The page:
Friday is Endangered Species Day, a global event that’s assumed a life of its own.
Once tethered to Capitol Hill, the commemorative day now endures without the explicit congressional imprimatur it formerly enjoyed. It no longer needs a Senate resolution to roll, though that’s how it began, and its growth has been paradoxically accelerated by a sometimes hostile political environment (Greenwire, May 7).
"From a few grass-roots groups putting on a few events, we’ll now have probably 300 events that are no longer organized by just a small group of folks," said Leda Huta, executive director of the Endangered Species Coalition. "It is self-perpetuating at this point."
Endangered Species Day, in other words, is a kind of common-law commemoration, something that’s become standard practice without the stamp of legislation. And, as sometimes happens with time-honored events, its origins may be misunderstood.
On its surface, Endangered Species Day seems straightforward and apolitical. The Fish and Wildlife Service and environmental advocacy groups alike will be marking the day with varied events, commemorations and rousing statements.
"Join the effort to help us celebrate Endangered Species Day by participating in the endangered species youth art contest," the Fish and Wildlife Service states on its webpage devoted to the day.
In a similar vein, the Association of Zoos & Aquariums has released a timely survey pegged to Endangered Species Day that shows Americans know little about what animals are endangered.
"There are 1,459 animals on the U.S. Endangered Species list, but Americans believe there are only 100!" the association stated.
This year’s setting of May 18 as the special day, too, suggests a simple explanation that’s been passed down annually from press release to press release.
"National Endangered Species Day is celebrated each year on the third Friday in May," NOAA Fisheries’ Northeast Fisheries Science Center declared in a May 4 press release.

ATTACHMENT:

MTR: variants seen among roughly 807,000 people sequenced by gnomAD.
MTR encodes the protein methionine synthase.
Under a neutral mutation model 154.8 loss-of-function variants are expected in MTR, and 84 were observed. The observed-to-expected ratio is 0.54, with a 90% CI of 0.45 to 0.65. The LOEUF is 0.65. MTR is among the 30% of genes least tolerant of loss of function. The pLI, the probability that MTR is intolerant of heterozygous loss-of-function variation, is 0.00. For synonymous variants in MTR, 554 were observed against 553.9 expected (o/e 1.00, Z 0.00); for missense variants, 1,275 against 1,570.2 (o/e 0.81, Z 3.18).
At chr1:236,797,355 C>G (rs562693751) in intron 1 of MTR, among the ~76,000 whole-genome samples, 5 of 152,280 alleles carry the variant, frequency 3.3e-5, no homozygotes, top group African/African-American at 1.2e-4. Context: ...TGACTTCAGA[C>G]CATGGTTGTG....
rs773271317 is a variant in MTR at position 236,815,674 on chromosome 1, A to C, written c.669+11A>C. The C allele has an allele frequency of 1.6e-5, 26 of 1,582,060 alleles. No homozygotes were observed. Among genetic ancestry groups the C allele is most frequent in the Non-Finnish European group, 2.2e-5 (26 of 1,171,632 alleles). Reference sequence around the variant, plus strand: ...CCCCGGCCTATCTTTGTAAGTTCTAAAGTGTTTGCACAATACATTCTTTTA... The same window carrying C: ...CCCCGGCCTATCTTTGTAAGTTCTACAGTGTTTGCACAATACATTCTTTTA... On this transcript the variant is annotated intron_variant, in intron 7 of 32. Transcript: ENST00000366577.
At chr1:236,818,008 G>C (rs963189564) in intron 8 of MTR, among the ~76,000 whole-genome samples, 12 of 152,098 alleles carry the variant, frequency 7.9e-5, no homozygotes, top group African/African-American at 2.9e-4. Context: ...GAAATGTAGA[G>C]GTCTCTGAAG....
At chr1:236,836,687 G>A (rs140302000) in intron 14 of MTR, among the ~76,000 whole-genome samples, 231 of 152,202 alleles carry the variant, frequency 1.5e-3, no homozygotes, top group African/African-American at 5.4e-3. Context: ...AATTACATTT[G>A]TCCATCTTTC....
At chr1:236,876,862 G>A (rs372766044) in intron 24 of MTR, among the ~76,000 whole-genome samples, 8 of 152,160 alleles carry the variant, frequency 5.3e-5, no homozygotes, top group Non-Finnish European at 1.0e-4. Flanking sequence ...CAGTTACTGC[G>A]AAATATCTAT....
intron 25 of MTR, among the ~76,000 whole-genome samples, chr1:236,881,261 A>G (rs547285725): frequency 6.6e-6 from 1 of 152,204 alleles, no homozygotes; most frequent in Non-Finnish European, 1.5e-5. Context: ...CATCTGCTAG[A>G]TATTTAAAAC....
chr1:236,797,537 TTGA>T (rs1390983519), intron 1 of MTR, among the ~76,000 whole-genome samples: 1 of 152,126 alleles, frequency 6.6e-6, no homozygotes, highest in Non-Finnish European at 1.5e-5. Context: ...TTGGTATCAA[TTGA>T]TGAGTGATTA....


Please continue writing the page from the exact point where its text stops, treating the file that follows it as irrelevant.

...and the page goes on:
Defenders of Wildlife added, on a seasonal blog post last year, that "back in 2006, Congress officially designated the third Friday in May as national Endangered Species Day, a celebration of our nation’s wildlife and wild places and the need to protect [them]."
And the Fish and Wildlife Service, in a 2010 release, explained that, "started in 2006 by the United States Congress, Endangered Species Day is the third Friday of May."
Although the third Friday of May has come to be accepted through repeated use as Endangered Species Day, Congress has never universally designated it as such. And though the Senate did start passing Endangered Species Day resolutions in 2006, these targeted a single date in a single year only.
The initial 2006 resolution by Sen. Dianne Feinstein (D-Calif.), for instance, set May 11 — a Wednesday — of that year as Endangered Species Day. The resolution, moreover, did not just come out of nowhere. It arose, through the work of the Endangered Species Coalition and others, to counter the vehement anti-ESA sentiments then common among Western conservatives.
"Simply put, this act is broken, and it is in need of updating," then-Rep. Doc Hastings (R-Wash.) said during a September 2005 House floor debate.
A bill authored by the then-chairman of what was pointedly renamed the House Resources Committee, former Rep. Richard Pombo (R-Calif.), passed the House but died in the Senate in 2006. The next year, with Pombo having lost his House seat, Feinstein returned with a resolution designating May 18, 2007, as Endangered Species Day (Greenwire, Nov. 8, 2006).
The Senate passed its last Endangered Species Day resolution in 2010, designating May 21 of that year. A resolution introduced in 2012 did not advance, and no Endangered Species Day resolution has been introduced since then.
In part, Huta said, the annual resolutions no longer seemed necessary, as Endangered Species Day was up and running on its own.
Some lawmakers, moreover, objected because of their own skepticism about the operations of the deeply controversial Endangered Species Act (Greenwire, Oct. 4, 2017).
"It was thought it would pass quickly and without controversy," Feinstein said on the Senate floor in 2008, describing that year’s stalled resolution. "However, this was not the case. It was held up by an unknown senator. We could not clear the hold, so we were unable to get unanimous consent to pass the resolution."